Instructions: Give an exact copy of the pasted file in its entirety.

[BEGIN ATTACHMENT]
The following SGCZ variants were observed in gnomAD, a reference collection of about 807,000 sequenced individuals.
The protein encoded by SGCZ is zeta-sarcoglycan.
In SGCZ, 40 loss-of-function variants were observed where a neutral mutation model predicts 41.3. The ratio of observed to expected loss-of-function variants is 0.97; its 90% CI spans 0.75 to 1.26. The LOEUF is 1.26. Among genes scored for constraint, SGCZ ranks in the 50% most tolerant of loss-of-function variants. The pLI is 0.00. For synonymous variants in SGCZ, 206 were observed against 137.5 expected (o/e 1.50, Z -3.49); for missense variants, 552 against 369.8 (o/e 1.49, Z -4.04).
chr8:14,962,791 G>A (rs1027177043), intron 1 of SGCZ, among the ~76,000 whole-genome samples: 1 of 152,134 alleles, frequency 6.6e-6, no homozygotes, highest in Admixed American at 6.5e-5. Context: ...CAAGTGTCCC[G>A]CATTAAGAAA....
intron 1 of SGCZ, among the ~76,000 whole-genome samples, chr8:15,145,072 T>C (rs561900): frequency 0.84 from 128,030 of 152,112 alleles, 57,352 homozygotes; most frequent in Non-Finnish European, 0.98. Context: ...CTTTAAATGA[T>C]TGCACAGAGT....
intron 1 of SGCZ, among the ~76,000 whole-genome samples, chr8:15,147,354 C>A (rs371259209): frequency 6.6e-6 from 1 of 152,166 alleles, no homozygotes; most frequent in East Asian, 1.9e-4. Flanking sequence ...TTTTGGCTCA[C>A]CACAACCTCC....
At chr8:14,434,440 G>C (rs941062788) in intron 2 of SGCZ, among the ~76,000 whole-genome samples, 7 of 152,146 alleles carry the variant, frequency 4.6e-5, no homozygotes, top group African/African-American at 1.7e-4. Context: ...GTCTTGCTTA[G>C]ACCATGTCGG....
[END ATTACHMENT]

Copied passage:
The following SGCZ variants were observed in gnomAD, a reference collection of about 807,000 sequenced individuals.
The protein encoded by SGCZ is zeta-sarcoglycan.
In SGCZ, 40 loss-of-function variants were observed where a neutral mutation model predicts 41.3. The ratio of observed to expected loss-of-function variants is 0.97; its 90% CI spans 0.75 to 1.26. The LOEUF is 1.26. Among genes scored for constraint, SGCZ ranks in the 50% most tolerant of loss-of-function variants. The pLI is 0.00. For synonymous variants in SGCZ, 206 were observed against 137.5 expected (o/e 1.50, Z -3.49); for missense variants, 552 against 369.8 (o/e 1.49, Z -4.04).
chr8:14,962,791 G>A (rs1027177043), intron 1 of SGCZ, among the ~76,000 whole-genome samples: 1 of 152,134 alleles, frequency 6.6e-6, no homozygotes, highest in Admixed American at 6.5e-5. Context: ...CAAGTGTCCC[G>A]CATTAAGAAA....
intron 1 of SGCZ, among the ~76,000 whole-genome samples, chr8:15,145,072 T>C (rs561900): frequency 0.84 from 128,030 of 152,112 alleles, 57,352 homozygotes; most frequent in Non-Finnish European, 0.98. Context: ...CTTTAAATGA[T>C]TGCACAGAGT....
intron 1 of SGCZ, among the ~76,000 whole-genome samples, chr8:15,147,354 C>A (rs371259209): frequency 6.6e-6 from 1 of 152,166 alleles, no homozygotes; most frequent in East Asian, 1.9e-4. Flanking sequence ...TTTTGGCTCA[C>A]CACAACCTCC....
At chr8:14,434,440 G>C (rs941062788) in intron 2 of SGCZ, among the ~76,000 whole-genome samples, 7 of 152,146 alleles carry the variant, frequency 4.6e-5, no homozygotes, top group African/African-American at 1.7e-4. Context: ...GTCTTGCTTA[G>C]ACCATGTCGG....